PORAC, PAMPANGA—Finance Secretary Carlos Dominguez III has underscored the need for heightened government vigilance against the illicit manufacture and sale of tobacco products, given that the increase in “sin” taxes has incentivized illegal traders to increasingly resort to smuggling and tax evasion.
Dominguez said the destruction here of several machines used in the manufacture of illicitly traded cigarettes forms part of the Duterte administration’s relentless campaign against manufacturers of these products as effectively demonstrated in 2017 when the Department of Finance (DOF), through the Bureaus of Internal Revenue (BIR) and of Customs (BOC), cracked down on the “biggest fish,” namely Mighty Corp.
Taking down Mighty Corp. for using counterfeit excise tax stamps led to the biggest tax settlement ever in the country’s history amounting to about P30 billion, forcing the company to get out of the cigarette business, Dominguez recalled.
Moreover, after Japan Tobacco Inc. (JTI) took over Mighty, tobacco excise tax collections increased by at least P2 billion a month, he said.
“The destruction of these confiscated contraband will send a clear two-pronged message: Illicit manufacturing will not be tolerated. Tax evasion will be hounded ceaselessly,” Dominguez said.
Held at the DiGaMa Waste Management Services facility here, the event was also attended by BIR Commissioner Caesar Dulay, BIR deputy commissioner Arnel Guballa, Pampanga Vice Governor Dennis Pineda, National Bureau of Investigation (NBI)-Intellectual Property Rights Division chief Glenn Ricarte, Porac police chief P/Supt. Crisente Tiguelo, Philip Morris and Fortune Tobacco Corp. (PMFTC) president Lawrence Chew, and JTI Philippines general manager Manos Koukourakis.
During the event, Dominguez thanked the private sector for joining forces with the government in helping fight smuggling and tax evasion.
The destroyed contraband include units and parts of three filter maker machines, two packaging machines, and a cigarette-making machine, along with 484 master cases of various finished cigarette brands, and raw materials used in making cigarettes such as filter rods, tipping papers, packaging foil, acetate tow, and other supplies.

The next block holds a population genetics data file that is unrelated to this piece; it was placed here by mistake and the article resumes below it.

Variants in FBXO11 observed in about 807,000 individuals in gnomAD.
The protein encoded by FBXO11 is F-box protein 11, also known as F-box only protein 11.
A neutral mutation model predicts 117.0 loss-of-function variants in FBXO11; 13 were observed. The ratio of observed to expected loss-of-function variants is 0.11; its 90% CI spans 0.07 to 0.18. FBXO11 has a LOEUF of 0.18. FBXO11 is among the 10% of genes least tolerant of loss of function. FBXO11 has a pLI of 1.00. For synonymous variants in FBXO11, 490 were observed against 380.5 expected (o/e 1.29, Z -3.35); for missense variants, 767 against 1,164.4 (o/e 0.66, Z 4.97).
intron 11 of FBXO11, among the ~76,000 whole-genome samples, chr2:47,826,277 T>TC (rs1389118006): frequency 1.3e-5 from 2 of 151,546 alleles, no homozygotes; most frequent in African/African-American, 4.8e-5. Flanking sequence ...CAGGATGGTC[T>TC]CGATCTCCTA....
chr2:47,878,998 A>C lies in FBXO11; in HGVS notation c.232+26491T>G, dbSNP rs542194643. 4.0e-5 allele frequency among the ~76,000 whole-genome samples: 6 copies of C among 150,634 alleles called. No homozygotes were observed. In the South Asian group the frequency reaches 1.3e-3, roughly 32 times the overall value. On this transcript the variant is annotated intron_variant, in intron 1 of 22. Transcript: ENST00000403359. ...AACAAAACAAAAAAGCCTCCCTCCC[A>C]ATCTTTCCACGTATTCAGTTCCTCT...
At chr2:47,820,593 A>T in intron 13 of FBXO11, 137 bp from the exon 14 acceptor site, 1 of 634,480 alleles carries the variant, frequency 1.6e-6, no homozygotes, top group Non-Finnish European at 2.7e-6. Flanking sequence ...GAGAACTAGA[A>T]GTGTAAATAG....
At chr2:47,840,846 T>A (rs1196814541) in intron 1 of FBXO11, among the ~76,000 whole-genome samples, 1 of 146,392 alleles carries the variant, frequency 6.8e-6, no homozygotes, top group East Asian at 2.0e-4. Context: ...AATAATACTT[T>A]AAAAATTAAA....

The machines were bulldozed into pieces, while a grinder destroyed the cigarettes. These contraband were seized by the BIR in illegally operating cigarette factories in Pampanga and Pangasinan.
Dominguez said this would not be the first time that illicit cigarettes were destroyed, and would certainly not be the last.
“But this is the first time we are destroying the machines that make them. Destroying them will ensure that they can never again be used to defraud the government of what it is due and to cheat consumers by peddling them counterfeit products,” Dominguez said.
With a single cigarette-making machine capable of producing 20,000 sticks per minute, which is equivalent to about 9.6 million sticks during an eight-hour shift or 480,000 packs per day, the government has effectively blocked attempts of being defrauded of as much as P16.8 million per day of much-needed revenues for human capital development and the “Build, Build, Build” program by destroying these confiscated machines and products, Dominguez said.
“By destroying illicit tobacco products, we remove all temptation to sneak them back into the market. By destroying the machines that make them, we raise the risks for doing illicit manufacturing exponentially higher. Both will do the public some good,” he said.
Dominguez said that to strengthen the campaign against smuggling and tax evasion, the BIR has formed a strike team tasked to crack down on illicit manufacturing and trade.
“This team is responsible for the contraband we are destroying today. The underground cigarette business is not only evading the payment of excise taxes, they are exposing our consumers to the added hazards of unregulated manufactured products,” Dominguez said.
On the part of the BOC, the government has improved its capability, along with the Coast Guard, to effectively patrol the country’s trade routes and intercept the smugglers.
“We are aware that with the increase in sin taxes, there will be greater incentive for evasion. This is the reason we have heightened our vigilance against the manufacturing and trade of illicit cigarettes,” Dominguez said.
The Finance chief said that “getting tough against the illicit tobacco trade” would fulfill the health and fiscal benefits of the “sin” tax reform law.
“I promise you that your revenue-generating agencies will be unyielding in their efforts to thwart illicit manufacturing and tax evasion,” he added.